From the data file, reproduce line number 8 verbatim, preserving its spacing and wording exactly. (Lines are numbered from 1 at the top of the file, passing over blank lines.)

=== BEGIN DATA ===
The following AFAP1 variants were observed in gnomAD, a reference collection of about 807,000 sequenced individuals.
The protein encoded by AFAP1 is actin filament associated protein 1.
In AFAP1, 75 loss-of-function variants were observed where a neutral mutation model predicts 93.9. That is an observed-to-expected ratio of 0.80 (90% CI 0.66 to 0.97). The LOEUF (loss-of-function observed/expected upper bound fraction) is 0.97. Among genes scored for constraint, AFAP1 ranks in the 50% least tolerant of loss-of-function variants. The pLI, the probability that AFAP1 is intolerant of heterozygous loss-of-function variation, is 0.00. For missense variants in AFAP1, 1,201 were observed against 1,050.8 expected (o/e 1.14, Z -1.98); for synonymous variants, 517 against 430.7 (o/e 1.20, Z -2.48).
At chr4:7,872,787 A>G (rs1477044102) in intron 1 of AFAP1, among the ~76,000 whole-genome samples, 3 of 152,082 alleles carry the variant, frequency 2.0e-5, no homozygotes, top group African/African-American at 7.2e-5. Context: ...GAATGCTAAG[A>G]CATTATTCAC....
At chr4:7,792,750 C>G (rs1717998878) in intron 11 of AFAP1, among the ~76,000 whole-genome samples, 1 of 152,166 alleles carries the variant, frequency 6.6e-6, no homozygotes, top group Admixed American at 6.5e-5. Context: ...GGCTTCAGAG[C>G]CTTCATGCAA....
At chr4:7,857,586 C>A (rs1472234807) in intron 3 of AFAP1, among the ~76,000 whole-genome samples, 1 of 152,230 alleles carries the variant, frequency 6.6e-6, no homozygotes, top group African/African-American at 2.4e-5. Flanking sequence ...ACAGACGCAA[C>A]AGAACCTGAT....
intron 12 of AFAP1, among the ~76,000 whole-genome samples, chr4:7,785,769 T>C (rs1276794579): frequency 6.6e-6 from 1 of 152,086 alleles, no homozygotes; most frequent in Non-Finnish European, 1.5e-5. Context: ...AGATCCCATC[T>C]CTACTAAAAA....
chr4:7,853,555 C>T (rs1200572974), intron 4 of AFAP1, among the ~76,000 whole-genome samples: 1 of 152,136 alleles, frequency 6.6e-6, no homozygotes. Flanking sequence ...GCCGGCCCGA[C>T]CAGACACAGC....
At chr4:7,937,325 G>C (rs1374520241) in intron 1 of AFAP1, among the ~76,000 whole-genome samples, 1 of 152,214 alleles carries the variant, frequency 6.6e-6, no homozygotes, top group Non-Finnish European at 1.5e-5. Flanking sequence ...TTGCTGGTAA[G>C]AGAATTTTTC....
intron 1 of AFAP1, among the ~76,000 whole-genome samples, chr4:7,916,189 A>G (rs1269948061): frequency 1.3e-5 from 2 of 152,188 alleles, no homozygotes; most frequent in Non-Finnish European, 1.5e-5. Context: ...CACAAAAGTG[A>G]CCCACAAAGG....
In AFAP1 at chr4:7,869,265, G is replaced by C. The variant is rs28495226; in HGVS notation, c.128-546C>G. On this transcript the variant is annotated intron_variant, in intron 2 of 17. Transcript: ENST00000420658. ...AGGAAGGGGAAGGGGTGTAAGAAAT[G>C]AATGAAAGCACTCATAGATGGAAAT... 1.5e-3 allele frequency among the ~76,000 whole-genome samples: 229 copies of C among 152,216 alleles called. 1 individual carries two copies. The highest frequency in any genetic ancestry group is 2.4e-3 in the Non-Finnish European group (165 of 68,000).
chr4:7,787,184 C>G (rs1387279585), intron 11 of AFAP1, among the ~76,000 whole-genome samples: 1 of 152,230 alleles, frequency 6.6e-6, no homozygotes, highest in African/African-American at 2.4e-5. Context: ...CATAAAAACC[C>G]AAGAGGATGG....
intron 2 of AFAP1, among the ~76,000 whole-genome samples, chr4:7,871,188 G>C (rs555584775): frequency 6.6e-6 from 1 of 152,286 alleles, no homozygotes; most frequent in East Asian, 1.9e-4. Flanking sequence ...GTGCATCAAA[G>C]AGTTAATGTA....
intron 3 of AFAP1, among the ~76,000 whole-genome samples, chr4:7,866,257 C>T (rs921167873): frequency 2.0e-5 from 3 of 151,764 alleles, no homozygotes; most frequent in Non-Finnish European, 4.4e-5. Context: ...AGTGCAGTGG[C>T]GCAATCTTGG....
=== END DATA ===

chr4:7,853,555 C>T (rs1200572974), intron 4 of AFAP1, among the ~76,000 whole-genome samples: 1 of 152,136 alleles, frequency 6.6e-6, no homozygotes. Flanking sequence ...GCCGGCCCGA[C>T]CAGACACAGC....